That same week, Morali began production of a disco record with masculine stereotypes in mind, but no set group of performers. “I never thought that straight audiences were going to catch on to it,” Morali divulged to Emerson. “I wanted to do something only for the gay market.” Working with lyricists Phil Hurtt and Peter Whitehead, Morali composed “Fire Island” and “San Francisco.” Actor and singer Victor Willis, who had appeared in the Broadway shows The River Niger and The Wiz, was enlisted to sing lead vocals on the tunes, joined by Alex Briley in the chorus. Morali photographed models clothed in leather, hard hat, and cowboy attire to pose on the record jacket and entitled the album Village People.
After sales of Village People reached over 200,00 on the disco circuit, Morali advertised in New York City’s Village Voice and show business papers for attractive gay singers and dancers with mustaches. “Why should you hire a group and spend all the money on them until you have a hit record first? You cannot ask the performers to leave their jobs and take the chance that the record will be a commercial success,” Morali asserted to Steven Gaines in New York magazine. After a lackluster initial performance on the television show Soul Train, Morali regrouped, recruiting Hodo, Jones, and Hughes to join Willis, Rose, and Briley. Attired as a construction worker, cowboy, biker, cop, Indian chief, and Gl, the Village People recorded the hit single “Macho Man” and graced the cover of the album from which it sprang—Macho Men. Willis and company provided the professionalism necessary to make Morali’s elaborate stage routines successful. “The album was an immediate success in the discos, but everyone agrees it is the act, which the Village People have been taking across the country for six months now, that has made the record an across-the-board smash,” explained Rolling Stone contributor Emerson in 1978.
Some gays recognized the Village People as a parody, but others, along with most of their straight audience, didn’t think too hard about the group’s image and simply relished their productions. By the late 1970s, Village People album sales totaled 18 million around the globe. In 1978 Morali sold his rights to the group to Bill Aucoin, manager of the rock group Kiss, for one million dollars. But, unable to maintain its huge momentum, the disco craze began to dwindle the next year. This coincided with the replacement of Victor Willis by Ray Simpson (brother of singing-songwriting duo Ashford and Simpson’s Valerie Simpson) as lead singer. By 1980, hamstrung by the box office failure of their movie, Can’t Stop the Music, the Village People found themselves in an abrupt downward spiral. A year later, the release of the album Renaissance —an attempt at a “new romantic,” new wave musical rebirth—was met by little success. In 1985 the group released the single “Sex on the Phone” to modest acclaim, but the real savior of the Village People was the disco revival of the decade’s end.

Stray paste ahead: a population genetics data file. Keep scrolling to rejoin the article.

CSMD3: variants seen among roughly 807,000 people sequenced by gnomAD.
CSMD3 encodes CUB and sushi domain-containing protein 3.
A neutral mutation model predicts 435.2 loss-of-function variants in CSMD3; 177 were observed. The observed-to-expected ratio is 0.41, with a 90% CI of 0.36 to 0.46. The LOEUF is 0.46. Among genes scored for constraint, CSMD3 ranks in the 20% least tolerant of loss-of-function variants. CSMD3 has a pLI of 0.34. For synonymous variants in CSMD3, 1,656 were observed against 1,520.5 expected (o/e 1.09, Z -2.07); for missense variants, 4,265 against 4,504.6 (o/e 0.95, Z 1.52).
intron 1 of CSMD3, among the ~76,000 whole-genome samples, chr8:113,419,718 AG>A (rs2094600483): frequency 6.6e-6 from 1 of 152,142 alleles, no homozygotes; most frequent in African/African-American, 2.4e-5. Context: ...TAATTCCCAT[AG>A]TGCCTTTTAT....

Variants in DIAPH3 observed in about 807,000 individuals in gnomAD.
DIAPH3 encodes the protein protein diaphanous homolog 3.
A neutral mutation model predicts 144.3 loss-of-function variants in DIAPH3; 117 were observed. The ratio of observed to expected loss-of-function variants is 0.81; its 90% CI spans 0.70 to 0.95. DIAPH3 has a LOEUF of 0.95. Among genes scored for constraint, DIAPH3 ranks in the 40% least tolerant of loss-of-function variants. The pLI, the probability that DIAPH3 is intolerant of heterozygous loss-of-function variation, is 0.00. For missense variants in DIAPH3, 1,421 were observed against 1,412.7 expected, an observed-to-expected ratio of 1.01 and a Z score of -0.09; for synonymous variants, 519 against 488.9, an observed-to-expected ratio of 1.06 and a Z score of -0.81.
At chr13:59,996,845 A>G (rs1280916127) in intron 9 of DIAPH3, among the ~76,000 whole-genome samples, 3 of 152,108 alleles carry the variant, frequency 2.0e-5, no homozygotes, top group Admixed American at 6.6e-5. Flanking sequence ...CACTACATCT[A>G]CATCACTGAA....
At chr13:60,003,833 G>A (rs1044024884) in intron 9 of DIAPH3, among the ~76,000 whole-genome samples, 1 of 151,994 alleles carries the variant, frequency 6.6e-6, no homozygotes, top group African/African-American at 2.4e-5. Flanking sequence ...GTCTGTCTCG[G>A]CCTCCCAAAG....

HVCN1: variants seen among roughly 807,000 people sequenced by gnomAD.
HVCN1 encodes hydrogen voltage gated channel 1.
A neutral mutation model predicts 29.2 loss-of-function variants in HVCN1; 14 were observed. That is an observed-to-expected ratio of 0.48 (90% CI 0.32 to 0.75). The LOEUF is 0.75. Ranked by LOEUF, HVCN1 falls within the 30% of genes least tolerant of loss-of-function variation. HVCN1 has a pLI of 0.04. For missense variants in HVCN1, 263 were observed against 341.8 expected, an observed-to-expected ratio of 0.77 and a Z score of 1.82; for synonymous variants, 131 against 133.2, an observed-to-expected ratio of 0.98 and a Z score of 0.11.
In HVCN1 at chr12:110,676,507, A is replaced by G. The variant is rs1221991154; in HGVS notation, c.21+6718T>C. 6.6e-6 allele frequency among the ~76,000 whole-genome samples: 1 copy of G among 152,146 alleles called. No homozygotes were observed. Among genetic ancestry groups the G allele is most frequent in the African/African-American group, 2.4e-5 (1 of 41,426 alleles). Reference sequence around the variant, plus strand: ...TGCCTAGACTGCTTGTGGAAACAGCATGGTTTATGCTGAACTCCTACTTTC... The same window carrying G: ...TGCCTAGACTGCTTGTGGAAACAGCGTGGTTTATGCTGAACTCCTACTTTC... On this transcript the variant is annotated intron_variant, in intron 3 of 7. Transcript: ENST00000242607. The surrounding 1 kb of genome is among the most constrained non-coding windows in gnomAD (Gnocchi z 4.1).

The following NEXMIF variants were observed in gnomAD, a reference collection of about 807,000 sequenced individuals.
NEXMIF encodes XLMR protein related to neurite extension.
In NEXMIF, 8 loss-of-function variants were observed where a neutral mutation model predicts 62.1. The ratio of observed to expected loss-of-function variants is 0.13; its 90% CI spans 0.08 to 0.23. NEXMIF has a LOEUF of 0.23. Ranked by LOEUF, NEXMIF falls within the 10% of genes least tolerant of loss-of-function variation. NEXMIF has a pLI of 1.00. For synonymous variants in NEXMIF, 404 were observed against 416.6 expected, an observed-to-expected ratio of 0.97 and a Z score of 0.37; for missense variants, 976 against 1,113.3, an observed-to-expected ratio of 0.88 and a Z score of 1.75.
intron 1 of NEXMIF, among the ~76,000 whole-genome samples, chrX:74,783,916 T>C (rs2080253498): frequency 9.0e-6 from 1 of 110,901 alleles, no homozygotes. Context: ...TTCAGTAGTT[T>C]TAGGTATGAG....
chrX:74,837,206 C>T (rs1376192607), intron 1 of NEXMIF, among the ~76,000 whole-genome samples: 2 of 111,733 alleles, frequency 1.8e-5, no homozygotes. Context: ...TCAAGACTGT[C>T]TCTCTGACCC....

“Trash disco—in which modern youths recall bell-bottoms, platform shoes and polyester, and pine for the golden years of not so long ago by dancing on lighted dance floors to such faded luminaries as Donna Summer, the Bee Gees, Parliament/Funkadelic, and the Gap Band—thrives in Dallas, Houston, and Austin,” reported Texas Monthly’s Joe Nick Patoski, citing appearances by the Village People in Dallas and Austin as the big events of the 1989 trash-disco season. By 1991, when a full-blown seventies fever gripped the hip across the U.S., the Village People were on tour in 75 cities across America and abroad. Costumed as of old, but celebrating with some new music, the Village People delighted audiences with their evocations of nostalgic imagery. “Everybody loves cowboys and Indians and anything American,” Hodo told Entertainment Weekly’s Cagle, relating how the group has always, “pushed a button universally.” Pushing that button remains the Village People’s impetus for musical and pop-culture glory.
Village People (includes “Fire Island” and “San Francisco”), Casablanca, 1977.
Macho Men (includes “Macho Man”), Casablanca, 1978.
Cruisin’, Casablanca, 1979.
Go West, Casablanca, 1979.
Renaissance, RCA, 1981.
Fox in the Box (not released in the U.S).
Greatest Hits, Rhino, 1988.
The Rolling Stone Encyclopedia of Rock & Roll, edited by Jon Pareles and Patricia Romanowski, Rolling Stone Press/Summit Books, 1983.
Entertainment Weekly, July 19, 1991.
New York, September 25, 1978.
Rolling Stone, October 5, 1978.
Texas Monthly, November 1989.